So I think I might be going about this all wrong????


In the Brooder
7 Years
Mar 19, 2012
I am planning to put together an area run/coop for some meat birds. From what I am seeing and reading you do not need to build a coop or roosts for them at all.

Just an enclosure that will provide safety and prtection from rain and excessive sun.

Is this correct? Really just bare bones is sufficient?

I was thinking along the lines of what I did for my layers. Sorry I am new to this. I just really like the idea of providing real food for my family.
Any suggestions/pics for just 10 birds? I am in the city and no roos are allowed and I am also wondering when the young ones start crowing?


In the Brooder
8 Years
Jan 6, 2012
I'm almost to the end of my first meaties experiment. I have a pen with a little shelter area attached. I move it whenever the ground seems stinky and not enough grass for them. I have a heat lamp in the shelter box, for nights that get below 40--I just feel nervous that they'll get cold.

I have 1 rooster who just started crowing--mine are 7 1/2 weeks old. He doesn't do it loudly; it's more cute than anything. I'm going to be processing him and 2 other big roosters tomorrow. I have 12 total and figure I'll process 3-4 at a time. I'm definitely doing it again.


8 Years
Jun 12, 2011
Metcalfe, Ontario, Canada
This will be my 2nd year doing meaties so I'm no expert but here's my two cents :) Most folks (with a few exceptions) say they're too heavy to roost, and they don't need a permanent coop. That being said, if you build an enclosure/tractor of some type, make sure they have shelter from rain and sun and that the enclosure is predator proof. No flimsy chicken wire or chain link fence. Coons can reach through the chain link, and chicken wire keeps in chickens but doesn't keep predators out. I like dace316's idea of a shelter box within the enclosure for added protection from the elements. But basically bare bones is all you need, they're really very easy and cheap to raise if you keep it simple. Good luck and post some pics so we can see how things turn out!


12 Years
Feb 12, 2009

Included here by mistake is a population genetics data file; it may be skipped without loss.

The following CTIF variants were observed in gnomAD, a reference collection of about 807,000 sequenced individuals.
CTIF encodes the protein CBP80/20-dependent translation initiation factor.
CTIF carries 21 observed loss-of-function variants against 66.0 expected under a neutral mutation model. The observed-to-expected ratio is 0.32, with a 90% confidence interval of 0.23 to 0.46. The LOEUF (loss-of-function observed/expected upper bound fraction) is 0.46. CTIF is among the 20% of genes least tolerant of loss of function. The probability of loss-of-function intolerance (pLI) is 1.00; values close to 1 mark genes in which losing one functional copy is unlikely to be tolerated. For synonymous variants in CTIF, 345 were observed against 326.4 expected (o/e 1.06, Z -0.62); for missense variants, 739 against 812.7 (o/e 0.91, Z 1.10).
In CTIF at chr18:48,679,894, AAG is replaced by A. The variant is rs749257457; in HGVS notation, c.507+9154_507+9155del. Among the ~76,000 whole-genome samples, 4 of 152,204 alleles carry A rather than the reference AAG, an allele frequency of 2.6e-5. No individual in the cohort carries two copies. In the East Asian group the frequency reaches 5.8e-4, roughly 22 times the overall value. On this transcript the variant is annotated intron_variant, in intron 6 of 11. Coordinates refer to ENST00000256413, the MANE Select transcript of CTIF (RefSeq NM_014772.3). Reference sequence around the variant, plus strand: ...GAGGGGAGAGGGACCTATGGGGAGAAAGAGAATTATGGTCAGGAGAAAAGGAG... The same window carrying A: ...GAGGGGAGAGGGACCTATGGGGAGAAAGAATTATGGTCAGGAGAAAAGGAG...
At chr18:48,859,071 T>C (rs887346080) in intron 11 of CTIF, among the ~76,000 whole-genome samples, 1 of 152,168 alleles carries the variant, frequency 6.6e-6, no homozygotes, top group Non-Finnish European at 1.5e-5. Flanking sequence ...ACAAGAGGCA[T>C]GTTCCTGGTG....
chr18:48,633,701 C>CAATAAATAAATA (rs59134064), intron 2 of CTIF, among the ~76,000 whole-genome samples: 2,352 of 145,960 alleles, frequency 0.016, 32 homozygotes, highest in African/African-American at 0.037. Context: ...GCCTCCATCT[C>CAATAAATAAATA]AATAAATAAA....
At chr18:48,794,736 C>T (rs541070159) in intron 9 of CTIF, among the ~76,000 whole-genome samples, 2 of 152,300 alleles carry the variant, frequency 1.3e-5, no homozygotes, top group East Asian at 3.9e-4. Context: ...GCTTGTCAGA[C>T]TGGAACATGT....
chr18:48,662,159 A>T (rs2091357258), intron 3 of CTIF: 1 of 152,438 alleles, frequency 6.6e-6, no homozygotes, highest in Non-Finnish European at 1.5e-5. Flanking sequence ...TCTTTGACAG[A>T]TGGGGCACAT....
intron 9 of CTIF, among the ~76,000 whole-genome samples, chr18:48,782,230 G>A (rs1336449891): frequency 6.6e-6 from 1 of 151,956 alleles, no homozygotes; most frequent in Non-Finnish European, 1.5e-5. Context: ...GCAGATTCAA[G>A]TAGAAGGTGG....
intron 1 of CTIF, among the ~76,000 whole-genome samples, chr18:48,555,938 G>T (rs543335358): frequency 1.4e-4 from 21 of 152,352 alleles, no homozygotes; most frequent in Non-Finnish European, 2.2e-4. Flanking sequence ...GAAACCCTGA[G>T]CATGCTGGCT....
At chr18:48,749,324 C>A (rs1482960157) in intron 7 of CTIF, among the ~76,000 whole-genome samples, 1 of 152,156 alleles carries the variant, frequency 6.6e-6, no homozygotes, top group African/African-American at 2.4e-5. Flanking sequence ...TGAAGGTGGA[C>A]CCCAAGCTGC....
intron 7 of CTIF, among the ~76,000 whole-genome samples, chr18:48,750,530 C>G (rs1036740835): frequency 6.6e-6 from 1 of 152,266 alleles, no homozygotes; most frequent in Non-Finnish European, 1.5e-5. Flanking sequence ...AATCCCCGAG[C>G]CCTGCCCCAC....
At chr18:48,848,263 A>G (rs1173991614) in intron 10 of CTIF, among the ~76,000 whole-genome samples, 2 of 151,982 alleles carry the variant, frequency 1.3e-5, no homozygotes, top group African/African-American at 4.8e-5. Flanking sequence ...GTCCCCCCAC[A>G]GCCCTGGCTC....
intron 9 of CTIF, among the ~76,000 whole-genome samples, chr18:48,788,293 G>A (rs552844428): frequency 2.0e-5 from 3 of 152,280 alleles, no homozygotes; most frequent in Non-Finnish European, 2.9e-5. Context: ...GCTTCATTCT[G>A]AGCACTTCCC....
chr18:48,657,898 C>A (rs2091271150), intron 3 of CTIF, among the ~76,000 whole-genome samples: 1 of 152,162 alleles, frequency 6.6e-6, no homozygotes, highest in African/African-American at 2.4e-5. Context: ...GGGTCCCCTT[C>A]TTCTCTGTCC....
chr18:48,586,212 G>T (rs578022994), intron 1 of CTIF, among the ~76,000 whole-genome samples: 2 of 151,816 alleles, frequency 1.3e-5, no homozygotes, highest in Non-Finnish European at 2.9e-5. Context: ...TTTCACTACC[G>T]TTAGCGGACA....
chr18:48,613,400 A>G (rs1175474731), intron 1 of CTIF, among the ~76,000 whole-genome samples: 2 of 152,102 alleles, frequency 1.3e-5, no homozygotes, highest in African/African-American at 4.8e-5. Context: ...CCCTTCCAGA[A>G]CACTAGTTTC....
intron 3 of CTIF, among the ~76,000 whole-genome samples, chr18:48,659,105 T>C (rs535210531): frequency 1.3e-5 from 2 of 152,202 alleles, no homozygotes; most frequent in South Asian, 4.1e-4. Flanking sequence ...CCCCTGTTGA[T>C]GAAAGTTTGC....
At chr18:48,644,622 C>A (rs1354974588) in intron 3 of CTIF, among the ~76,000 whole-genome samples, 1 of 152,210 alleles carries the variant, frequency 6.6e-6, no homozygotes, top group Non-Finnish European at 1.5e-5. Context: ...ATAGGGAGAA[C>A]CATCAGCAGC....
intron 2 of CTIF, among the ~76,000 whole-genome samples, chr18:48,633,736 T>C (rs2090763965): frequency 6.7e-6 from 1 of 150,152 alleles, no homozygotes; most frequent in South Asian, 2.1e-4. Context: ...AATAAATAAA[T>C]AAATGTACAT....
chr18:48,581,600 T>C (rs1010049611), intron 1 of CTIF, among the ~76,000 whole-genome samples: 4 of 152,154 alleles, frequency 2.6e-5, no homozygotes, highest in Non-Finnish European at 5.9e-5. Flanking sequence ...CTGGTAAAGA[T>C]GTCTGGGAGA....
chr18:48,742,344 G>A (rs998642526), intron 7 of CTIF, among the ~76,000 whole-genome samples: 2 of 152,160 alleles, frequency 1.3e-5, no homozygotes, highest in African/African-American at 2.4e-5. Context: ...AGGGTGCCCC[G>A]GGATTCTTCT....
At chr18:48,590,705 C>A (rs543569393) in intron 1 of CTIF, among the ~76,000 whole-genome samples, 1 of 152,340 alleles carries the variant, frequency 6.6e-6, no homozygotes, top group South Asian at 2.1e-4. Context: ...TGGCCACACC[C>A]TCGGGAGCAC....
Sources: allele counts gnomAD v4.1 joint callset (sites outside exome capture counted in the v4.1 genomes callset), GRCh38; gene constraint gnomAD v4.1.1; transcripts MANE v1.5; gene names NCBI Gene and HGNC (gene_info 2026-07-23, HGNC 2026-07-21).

My tractor is 8x8. It has chicken wire all around and on the top half of a tarp. I've always free ranged into the woods, I move their food and water farther and farther away until it is about 50-75 feet away from the tractor. Really I love watching the saddle over to their food. For the most part they love the shade and dirt to dust and just lay in. If it gets too hot I hose down the dirt and they lay in the puddles. A coop will get nasty fast and you will be cleaning it a lot.

Life is Good!

9 Years
Apr 14, 2011
suburbia Chicagoland
Interesting - our Freedom Rangers adore their roosts and the whole idea of flying. I've even caught them trying to get on TOP of the chair back that I move into the tractor when I weigh them! (Almost made it to the top - just a few inches short!). I've placed a roost bar about 22" off the ground that they consisently sleep on and fight over during the day when not pecking around. They've had the bar since 22days old, now 31 days old....


Free Ranging
13 Years
Feb 14, 2008
This world is not my home.
My CX LOVE their roosts and they also roost on top of my hanging water and feed buckets...about 3 ft. in the air. Fly up to them with ease. The roosts for CX need to be very wide to support their breasts...or else they cannot balance on it enough to sleep. My roosts are 10 in. to 12 in. wide and this seems to be comfortable for them.


In the Brooder
8 Years
May 25, 2011
my meatie i raised last year roosted and beleive me chicken wire DIDNT keep them in... i ended up having to put them in the chain link run of my layers and let the layers free range all summer and the meaties range 4/7 days a week due to they ruining their run...and enclosure.. my advice Use something heavier than chicken wire..

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